2. Formal definition of end-to-end encryption

End-to-end encryption, irrespective of the content or the specific methods employed, relies on two important and rigorous technical concepts: the end-to-end principle as defined in the IETF; and encryption, an application of cryptographic mechanisms and the primary means employed by the IETF to secure internet protocols and maintain the confidentiality of content delivered via these internet protocols. Where end-to-end encryption is comprised of these necessary constituent parts, a systems approach also defines their interplay. In the field of cryptography it is also possible to achieve a concise definition of end-to-end encrypted security.

2.1. End point

An "end" either sends messages or receives them, usually both. Other systems on the path are just that: other systems. Other systems MAY be used to facilitate the sending of messages between both "ends", but are not "ends" themselves.

It is, however, not trivial to establish the definition of an end point in isolation. [hale] Depending on the context, an "end" may be a user; a device colocated with the user; or a set of devices controlled by a user that want to simultaneously participate in the conversation.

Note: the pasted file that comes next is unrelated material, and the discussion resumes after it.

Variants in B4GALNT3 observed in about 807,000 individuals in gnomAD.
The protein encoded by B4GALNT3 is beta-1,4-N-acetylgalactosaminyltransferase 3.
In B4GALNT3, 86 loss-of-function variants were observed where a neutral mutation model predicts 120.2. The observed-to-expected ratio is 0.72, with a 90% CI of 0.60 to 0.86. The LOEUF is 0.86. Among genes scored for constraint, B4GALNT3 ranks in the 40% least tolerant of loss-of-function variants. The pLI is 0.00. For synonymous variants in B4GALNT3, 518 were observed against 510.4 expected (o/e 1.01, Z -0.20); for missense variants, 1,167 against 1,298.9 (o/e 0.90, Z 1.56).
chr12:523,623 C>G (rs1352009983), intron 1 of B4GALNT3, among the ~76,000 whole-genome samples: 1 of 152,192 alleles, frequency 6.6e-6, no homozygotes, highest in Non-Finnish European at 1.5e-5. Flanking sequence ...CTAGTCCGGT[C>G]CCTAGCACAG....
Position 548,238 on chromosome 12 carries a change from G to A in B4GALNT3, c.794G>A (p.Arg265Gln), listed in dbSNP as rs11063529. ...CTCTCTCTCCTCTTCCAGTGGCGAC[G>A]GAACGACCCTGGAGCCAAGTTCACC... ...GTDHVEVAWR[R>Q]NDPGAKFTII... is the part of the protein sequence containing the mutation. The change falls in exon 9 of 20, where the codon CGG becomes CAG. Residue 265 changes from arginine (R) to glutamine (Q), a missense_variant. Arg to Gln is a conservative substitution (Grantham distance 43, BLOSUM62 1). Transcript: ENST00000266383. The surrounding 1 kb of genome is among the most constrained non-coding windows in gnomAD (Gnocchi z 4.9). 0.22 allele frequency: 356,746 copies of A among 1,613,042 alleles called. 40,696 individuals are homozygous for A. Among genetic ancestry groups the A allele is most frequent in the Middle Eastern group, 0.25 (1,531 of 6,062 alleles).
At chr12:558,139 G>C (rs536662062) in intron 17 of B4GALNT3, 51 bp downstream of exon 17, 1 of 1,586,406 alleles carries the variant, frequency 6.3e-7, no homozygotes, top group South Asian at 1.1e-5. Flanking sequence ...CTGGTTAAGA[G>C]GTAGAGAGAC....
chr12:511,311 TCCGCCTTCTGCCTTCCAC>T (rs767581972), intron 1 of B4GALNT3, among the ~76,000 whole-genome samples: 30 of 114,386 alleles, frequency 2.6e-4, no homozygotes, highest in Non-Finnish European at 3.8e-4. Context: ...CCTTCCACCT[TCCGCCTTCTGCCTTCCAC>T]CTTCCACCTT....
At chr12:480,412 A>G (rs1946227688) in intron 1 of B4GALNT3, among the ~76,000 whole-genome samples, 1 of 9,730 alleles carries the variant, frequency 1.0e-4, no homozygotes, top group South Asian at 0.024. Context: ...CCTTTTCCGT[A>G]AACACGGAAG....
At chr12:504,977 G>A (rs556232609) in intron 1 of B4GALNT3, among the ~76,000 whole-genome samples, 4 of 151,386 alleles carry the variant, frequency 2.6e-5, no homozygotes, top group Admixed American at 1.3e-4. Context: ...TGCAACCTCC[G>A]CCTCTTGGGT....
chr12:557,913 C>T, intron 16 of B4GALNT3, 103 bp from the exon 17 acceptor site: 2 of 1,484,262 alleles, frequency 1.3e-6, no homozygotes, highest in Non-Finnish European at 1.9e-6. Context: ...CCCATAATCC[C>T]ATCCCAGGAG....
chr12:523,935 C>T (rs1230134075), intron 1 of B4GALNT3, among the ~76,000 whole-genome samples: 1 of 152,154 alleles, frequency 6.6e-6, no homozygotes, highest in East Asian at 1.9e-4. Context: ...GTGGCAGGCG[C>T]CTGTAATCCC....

2.2. End-to-end principle

The end-to-end principle is a core architectural guideline of the Internet. [RFC3724]

The principle has evolved to an understanding that the "network's job is to transmit datagrams as efficiently and flexibly as possible", and the rest should be done at the ends. [RFC1958] This principle can also be extended to the design of applications itself. [saltzer][RFC3724][RFC3238]

2.3. Encryption

Encryption is the process of using cryptographic methods to convert plaintext to ciphertext that is decipherable only by authorized parties. Encryption can help extend the end-to-end principle in application design, where now (as before) the function of the network is limited to efficiently transporting messages, but additionally the network cannot access any part of the message itself.